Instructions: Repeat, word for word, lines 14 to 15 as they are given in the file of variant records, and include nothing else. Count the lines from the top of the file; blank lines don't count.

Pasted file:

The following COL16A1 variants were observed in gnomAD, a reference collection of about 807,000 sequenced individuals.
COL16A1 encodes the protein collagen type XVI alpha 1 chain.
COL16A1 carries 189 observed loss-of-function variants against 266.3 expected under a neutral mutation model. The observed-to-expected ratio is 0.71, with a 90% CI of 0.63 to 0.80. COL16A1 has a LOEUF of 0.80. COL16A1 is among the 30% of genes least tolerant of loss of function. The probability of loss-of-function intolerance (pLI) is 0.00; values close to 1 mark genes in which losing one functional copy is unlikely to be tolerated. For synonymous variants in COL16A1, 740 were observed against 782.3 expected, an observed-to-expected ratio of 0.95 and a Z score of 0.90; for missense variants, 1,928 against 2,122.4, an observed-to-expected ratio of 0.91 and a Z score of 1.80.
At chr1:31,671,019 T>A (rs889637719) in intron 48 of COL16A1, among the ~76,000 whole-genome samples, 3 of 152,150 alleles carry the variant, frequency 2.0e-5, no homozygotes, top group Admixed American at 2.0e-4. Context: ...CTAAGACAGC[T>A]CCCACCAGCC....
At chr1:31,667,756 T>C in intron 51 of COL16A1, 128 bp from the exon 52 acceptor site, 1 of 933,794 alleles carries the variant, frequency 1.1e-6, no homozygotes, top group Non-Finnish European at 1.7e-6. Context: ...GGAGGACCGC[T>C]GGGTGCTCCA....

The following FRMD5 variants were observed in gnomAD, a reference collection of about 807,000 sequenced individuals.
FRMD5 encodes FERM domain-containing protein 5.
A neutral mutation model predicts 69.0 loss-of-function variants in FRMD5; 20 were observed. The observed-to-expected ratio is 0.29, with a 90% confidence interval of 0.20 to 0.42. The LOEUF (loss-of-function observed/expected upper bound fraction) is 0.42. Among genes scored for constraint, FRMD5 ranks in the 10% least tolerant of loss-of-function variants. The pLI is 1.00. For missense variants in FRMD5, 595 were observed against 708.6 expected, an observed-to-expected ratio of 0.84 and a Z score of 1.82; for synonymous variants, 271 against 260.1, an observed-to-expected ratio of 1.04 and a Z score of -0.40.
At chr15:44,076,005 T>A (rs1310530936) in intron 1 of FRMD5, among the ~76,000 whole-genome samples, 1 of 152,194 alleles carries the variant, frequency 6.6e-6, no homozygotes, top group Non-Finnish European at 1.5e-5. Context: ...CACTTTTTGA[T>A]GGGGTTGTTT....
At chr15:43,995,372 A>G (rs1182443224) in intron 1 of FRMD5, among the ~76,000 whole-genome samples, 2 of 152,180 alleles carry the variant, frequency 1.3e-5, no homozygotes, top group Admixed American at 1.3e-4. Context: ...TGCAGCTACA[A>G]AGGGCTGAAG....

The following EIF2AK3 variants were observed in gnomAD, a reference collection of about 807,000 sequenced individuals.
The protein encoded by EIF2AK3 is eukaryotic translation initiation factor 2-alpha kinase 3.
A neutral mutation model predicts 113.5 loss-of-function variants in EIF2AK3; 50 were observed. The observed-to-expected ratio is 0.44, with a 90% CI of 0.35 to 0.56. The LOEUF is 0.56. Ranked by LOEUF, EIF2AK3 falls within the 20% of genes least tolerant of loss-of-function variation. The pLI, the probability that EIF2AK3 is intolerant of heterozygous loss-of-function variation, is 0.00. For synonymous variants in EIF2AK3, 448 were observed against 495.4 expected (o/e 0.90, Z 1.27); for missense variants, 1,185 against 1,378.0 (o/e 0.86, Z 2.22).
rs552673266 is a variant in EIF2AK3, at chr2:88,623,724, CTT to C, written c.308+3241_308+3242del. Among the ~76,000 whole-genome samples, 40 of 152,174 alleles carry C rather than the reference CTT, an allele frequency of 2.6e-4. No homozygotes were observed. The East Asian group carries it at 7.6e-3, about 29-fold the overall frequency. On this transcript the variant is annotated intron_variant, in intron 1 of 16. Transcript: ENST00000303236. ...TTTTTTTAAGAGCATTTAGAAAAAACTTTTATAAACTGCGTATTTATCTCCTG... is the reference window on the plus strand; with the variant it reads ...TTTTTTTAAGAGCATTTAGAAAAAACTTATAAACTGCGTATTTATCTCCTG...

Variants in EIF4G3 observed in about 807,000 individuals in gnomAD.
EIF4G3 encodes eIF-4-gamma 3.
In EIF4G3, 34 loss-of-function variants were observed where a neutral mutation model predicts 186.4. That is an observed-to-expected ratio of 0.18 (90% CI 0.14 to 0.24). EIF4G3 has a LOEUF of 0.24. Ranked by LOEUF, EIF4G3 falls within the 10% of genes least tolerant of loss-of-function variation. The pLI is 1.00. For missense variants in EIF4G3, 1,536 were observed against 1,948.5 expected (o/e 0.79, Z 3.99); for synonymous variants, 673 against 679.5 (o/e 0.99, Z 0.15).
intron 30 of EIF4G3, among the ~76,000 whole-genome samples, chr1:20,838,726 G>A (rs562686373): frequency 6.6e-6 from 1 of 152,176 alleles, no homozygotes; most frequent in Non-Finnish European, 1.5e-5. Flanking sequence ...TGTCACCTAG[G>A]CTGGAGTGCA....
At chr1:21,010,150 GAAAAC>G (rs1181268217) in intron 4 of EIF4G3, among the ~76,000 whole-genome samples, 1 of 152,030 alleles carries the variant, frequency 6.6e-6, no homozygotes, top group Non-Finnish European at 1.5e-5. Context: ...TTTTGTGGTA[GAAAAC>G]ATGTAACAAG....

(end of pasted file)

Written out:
rs552673266 is a variant in EIF2AK3, at chr2:88,623,724, CTT to C, written c.308+3241_308+3242del. Among the ~76,000 whole-genome samples, 40 of 152,174 alleles carry C rather than the reference CTT, an allele frequency of 2.6e-4. No homozygotes were observed. The East Asian group carries it at 7.6e-3, about 29-fold the overall frequency. On this transcript the variant is annotated intron_variant, in intron 1 of 16. Transcript: ENST00000303236. ...TTTTTTTAAGAGCATTTAGAAAAAACTTTTATAAACTGCGTATTTATCTCCTG... is the reference window on the plus strand; with the variant it reads ...TTTTTTTAAGAGCATTTAGAAAAAACTTATAAACTGCGTATTTATCTCCTG...

Variants in EIF4G3 observed in about 807,000 individuals in gnomAD.